Conversations overheard at various Water Street Coffee Joint locations in Kalamazoo, Michigan, listed in no particular order:

———-
“There’s no reason Aaron should be making $75,000 a year.
———-
“She’s very smart… and very Catholic.”
———-
“It reminds me of the time I went to Thailand and thought I was going to die. They don’t label their spicy food. How do they not all get ulcers?”
———-
“Music, masturbation, and timing. I try to weave in all those themes in this book I’m writing that is about myself. And I don’t want my family to read it. The poor side is probably fine, but the rich, Christian, Republican side…”
———-
“I think you have to be deliberate to remember peoples’ names. I’m not a people person so I don’t bother. Some people are, though — they’re so peopleish.”
———-
“Instead of buying expensive Christmas presents, how about we go for a walk in the woods and watch the birds or somethin’?”
———-
“My pride and joy is my songbook.”
———-

shobby-town, tc #6

Wednesday, June 14, 2017
Leelanau County, Michigan

We passed a green sign announcing our arrival in Peshawbestown, Michigan.

“How do you think you say that?” I asked my Brazilian fiancé, motioning toward the sign. I raised an eyebrow at him and took a sip of my coffee. Black. Like my cruel soul.

“This is a town?” he asked. And he had a point. The only sign of civilization was a utility pole. He then gave the pronunciation a solid attempt. I would’ve said the same thing myself.
“No.”
“How then?”

“Shobbytown.”

↟↟↟↟↟

We thought we had driven past it, but we didn’t. This is the progress I’ve needed to feel better about wedding planning, I thought, as we pulled into the driveway. I’m Type Z, but still conscious enough to acknowledge that we’ve been engaged for over one year and have done nothing. This is part of the reason we came up here, but it’s too easy to get wrapped up in the serenity out at the lake. I will never understand people who throw themselves into wedding planning.

We were greeted by Holly, an extraverted black lab, followed by the owner of the farm. She showed us around. The farm was over 120 years old and stunning. She took us through the kitchen and introduced us to her business partner who was also the chef. “He won’t tell you himself, but I’ll brag on him,” she said. “He was just on Man Fire Food for his fire pit. It’s just out here, I’ll show you.”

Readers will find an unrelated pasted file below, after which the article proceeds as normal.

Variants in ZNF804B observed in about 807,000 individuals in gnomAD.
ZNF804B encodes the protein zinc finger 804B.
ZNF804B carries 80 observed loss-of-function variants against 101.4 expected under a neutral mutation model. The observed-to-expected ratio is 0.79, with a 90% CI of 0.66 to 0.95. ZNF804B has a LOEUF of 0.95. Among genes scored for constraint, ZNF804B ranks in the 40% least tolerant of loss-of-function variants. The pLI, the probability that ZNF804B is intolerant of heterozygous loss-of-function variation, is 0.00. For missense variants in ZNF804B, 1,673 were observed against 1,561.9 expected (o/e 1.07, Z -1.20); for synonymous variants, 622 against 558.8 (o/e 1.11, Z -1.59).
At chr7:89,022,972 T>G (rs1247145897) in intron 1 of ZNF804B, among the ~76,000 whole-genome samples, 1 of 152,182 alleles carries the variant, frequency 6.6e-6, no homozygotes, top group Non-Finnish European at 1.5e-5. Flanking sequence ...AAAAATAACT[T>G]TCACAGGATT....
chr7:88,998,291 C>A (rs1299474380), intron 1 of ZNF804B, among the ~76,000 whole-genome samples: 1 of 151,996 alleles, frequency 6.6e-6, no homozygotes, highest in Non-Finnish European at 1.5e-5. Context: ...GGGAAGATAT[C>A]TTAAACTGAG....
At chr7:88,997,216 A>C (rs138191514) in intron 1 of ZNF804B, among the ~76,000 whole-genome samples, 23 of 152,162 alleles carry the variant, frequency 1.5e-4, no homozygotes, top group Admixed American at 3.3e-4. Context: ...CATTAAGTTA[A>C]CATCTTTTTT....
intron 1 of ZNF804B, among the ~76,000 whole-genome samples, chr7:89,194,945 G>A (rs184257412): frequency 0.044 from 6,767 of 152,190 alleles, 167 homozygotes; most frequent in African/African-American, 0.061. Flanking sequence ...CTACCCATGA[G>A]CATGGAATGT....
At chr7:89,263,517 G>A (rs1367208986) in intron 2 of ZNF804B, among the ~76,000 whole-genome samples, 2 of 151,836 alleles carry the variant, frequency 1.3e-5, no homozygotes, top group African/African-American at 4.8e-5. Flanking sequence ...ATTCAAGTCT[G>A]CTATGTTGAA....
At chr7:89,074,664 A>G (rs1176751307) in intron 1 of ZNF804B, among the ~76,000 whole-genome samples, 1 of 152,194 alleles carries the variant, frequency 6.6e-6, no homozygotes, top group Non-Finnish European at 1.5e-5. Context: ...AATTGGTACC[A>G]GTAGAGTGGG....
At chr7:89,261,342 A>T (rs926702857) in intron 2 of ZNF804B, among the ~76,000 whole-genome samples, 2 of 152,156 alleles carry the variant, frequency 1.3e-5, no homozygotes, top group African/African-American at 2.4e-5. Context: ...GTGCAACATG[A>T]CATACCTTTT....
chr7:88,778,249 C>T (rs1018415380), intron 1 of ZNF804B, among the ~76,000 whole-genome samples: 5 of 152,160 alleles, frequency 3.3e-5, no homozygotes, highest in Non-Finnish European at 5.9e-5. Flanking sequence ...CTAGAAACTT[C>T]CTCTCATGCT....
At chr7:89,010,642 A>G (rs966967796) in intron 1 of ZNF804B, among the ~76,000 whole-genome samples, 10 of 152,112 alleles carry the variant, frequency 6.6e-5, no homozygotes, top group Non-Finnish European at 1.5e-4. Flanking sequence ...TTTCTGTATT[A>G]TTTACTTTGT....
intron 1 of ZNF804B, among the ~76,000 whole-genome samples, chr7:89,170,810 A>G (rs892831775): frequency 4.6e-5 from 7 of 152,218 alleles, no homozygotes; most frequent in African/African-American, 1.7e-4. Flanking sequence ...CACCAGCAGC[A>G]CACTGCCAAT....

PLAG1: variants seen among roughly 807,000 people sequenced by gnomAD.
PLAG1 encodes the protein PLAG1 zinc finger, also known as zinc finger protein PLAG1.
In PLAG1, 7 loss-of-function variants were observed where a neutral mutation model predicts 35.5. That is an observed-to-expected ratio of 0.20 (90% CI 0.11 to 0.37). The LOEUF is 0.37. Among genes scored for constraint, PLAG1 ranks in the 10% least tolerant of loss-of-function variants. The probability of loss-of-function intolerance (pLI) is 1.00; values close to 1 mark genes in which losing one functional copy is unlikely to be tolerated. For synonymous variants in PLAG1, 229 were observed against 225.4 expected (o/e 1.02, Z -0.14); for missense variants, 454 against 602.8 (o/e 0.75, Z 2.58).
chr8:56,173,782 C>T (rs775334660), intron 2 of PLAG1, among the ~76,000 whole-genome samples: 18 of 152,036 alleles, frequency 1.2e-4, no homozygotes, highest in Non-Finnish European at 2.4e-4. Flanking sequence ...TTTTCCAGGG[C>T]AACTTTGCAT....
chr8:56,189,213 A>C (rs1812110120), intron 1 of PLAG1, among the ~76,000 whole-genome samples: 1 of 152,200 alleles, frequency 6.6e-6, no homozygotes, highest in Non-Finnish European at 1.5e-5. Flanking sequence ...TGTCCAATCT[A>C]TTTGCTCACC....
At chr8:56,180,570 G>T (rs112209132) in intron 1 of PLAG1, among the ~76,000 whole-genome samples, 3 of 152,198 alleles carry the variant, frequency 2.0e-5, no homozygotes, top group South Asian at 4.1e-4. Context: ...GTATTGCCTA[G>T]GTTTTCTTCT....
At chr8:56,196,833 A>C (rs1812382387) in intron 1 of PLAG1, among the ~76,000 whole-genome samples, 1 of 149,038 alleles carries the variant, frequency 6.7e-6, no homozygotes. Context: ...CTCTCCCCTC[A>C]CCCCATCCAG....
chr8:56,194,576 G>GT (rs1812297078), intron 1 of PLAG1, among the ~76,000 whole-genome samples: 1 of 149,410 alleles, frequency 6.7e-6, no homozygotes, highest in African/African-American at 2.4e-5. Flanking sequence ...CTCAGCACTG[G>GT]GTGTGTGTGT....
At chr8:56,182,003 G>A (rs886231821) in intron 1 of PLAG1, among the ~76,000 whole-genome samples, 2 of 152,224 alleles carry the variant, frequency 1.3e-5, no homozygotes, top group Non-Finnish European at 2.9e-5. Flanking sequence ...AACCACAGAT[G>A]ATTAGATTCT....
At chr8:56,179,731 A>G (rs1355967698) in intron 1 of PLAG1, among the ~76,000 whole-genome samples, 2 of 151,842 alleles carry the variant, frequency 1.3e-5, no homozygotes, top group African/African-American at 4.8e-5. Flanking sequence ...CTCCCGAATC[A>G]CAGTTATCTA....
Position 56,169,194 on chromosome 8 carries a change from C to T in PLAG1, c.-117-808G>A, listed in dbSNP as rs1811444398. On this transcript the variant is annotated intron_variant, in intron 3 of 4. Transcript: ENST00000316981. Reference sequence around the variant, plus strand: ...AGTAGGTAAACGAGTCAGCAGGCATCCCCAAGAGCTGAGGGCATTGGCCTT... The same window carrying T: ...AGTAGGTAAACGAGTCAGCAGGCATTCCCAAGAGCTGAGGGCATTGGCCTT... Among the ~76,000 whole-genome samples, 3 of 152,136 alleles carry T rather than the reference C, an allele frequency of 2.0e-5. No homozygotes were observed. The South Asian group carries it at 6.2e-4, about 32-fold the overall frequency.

She showed us the barn and the grotto, where the bar would be placed, and walked us through the garden where they source some of their food. Her parents were tending the garden. It was all very charming and easy to envision a nice little wedding there.  The owner handed us a packet of vendors and we were on our way. “We’re headed toward Northport,” I said. “Any recommendations for breakfast?”

“Try the Tribune,” she said, waving us off.

↟↟↟↟↟

It was a quick, five minute drive up to Northport. The town was still unbuttoning for the day, despite being nearly ten o’clock in the morning. My kind of people, I thought, but I had a hungry and crabby fiance who didn’t want to hang out at the marina while we waited for places to open. We got back in the car and drove down M-22 toward Leland. The morning had been sunny, but it was starting to get cloudy by the time we got to town.

We walked down to Fishtown, which is a surviving commercial fishing village. Our first stop was the Village Cheese Shanty, because I had to feed the beast. A South Shore (a pretzel bun, ham, dill havarti, tomato, onion, pesto mayo) and a bag of cheese curds, just mildly squeaky (the other side of Lake Michigan is better for these).

After lunch we poked around the docks, stepping around fishing nets, tossing pebbles into a school of minnows in the notoriously clear water. The clouds got darker, though, and drove us back toward the car. We’d parked in front of the bookstore and I noticed, in the window, a poster we had in the cottage growing up. Water Wonderland, it said. A picture of a sun blowing air on Leelanau and Grand Traverse counties. I’d thought about it a few times since my grandparents sold the cottage in 2007. One of those relics that’s present in the background of memories and old family photos. It started to rain. “I’ll wait in the car,” J said. I darted in the bookstore. The downpour began just moments after I closed the door.